And most notably, in 2004, the Utah State Bar signed an agreement to replace its traditional lawyer-referral process with the LegalMatch online matching service for Utah citizens, a first-of-its-kind partnership in the legal industry. This agreement marks a key milestone in the growth of OLM services.


Getting new clients in through the office doors has always been a challenge for the new solo attorney or new small law firm, and it's a sizable challenge: About 500,000 small firm and solo attorneys are practicing in the United States. OLM seems best suited for these types of firms because it focuses on matching each client's needs to attorneys' skills.

Whether an attorney wants more clients, or wants to focus his or her practice by attracting clients of a particular type, or just wants to spend more time "lawyering" and less time marketing, online legal matching can help.

On the client side, people who may have never hired a lawyer, or never had reason to, will find these automated services very helpful and empowering. We all know that hiring a lawyer can be an intimidating process. When legal counsel is sought, something stressful is usually occurring in one's life.

Instead of feeling like taking a stab in the dark by choosing an attorney from the Yellow Pages or responding to a traditional ad, prospective legal-services customers can conduct a quick and thorough search for legal counsel, with little risk and lower stress, through an OLM site.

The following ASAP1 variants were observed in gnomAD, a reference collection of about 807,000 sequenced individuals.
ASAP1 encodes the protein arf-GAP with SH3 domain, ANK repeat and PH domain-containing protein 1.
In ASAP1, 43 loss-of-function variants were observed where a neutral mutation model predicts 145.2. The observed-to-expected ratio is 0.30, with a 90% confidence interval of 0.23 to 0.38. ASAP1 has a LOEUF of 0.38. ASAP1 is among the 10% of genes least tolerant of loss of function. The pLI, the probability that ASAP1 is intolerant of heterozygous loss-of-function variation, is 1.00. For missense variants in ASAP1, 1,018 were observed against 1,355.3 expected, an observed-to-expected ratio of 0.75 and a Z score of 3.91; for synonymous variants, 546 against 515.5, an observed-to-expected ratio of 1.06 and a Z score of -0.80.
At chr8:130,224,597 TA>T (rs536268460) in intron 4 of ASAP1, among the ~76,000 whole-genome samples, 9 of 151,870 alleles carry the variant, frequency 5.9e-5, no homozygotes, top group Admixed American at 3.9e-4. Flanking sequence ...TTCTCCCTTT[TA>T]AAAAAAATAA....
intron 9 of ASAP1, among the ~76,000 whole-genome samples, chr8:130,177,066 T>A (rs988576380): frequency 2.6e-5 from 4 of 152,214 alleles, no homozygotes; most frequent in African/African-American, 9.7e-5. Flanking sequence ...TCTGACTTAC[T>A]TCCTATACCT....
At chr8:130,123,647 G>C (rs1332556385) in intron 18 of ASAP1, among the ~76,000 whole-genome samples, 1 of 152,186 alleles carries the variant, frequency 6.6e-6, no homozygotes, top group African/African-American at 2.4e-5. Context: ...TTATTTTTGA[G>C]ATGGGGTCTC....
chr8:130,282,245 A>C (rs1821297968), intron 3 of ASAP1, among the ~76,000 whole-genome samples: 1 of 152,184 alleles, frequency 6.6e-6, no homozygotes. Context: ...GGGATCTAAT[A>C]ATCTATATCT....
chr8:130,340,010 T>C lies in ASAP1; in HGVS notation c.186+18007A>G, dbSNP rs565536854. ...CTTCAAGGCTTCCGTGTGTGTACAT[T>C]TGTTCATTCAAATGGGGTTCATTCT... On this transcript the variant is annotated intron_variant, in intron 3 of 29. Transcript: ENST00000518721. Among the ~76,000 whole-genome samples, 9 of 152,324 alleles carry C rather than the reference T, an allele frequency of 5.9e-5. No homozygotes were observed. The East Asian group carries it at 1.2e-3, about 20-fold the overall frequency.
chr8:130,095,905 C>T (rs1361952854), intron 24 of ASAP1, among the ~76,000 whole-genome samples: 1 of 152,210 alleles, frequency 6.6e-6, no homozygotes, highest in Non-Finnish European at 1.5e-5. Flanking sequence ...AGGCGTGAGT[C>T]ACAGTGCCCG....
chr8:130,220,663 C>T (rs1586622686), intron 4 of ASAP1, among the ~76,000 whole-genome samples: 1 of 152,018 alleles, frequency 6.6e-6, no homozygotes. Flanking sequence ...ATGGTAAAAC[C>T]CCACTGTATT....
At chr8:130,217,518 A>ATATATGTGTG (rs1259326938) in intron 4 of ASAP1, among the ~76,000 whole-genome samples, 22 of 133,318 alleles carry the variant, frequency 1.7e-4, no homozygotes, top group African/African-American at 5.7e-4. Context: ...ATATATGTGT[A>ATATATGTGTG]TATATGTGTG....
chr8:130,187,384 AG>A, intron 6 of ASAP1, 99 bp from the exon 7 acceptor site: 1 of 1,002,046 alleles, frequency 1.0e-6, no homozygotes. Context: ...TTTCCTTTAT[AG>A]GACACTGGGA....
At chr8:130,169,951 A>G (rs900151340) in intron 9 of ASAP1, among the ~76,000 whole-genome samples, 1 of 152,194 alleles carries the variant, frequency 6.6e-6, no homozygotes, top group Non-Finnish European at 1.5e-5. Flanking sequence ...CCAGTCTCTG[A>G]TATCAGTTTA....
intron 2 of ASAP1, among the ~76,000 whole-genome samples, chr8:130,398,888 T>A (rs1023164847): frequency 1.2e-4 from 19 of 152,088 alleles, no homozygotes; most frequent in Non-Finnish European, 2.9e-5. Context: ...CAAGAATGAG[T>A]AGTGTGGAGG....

The FTC believes that online legal matching will ultimately usher in lower prices for clients, and that they will be able to obtain better legal services by being able to locate an attorney who best meets their needs.


Like the rest of e-commerce, the online legal matching industry is growing as more consumers go online and trust Internet-based transactions. This trend alone is changing how attorneys locate qualified clients. OLM is an industry born from the growth of the legal-services sector, along with the proliferation of Internet access.

Today, more than 4 million people are conducting legal-services searches online each month, and the number is expected to reach more than 7 million legal-services searches per month by consumers by next year, according to the Pew Internet & American Life Project. Individual attorneys and large law firms shouldn't miss out on these potential clients.

The early success of the OLM industry is evidence that the entire legal industry will most likely follow the financial-services, media and entertainment, telecommunications and travel industries -- each of which has seen a revolution in how they're conducted, thanks to the Internet.

It's obvious that consumers have embraced these new ways of conducting business -- all of us prefer to make empowered and informed decisions. The search for a well-qualified lawyer -- or a good client -- should be no different.

Ed Collar is a San Francisco-based freelance writer and consultant to online industries. Reach him by telephone at 415-336-8661 or send him a fax at 415-974-6495.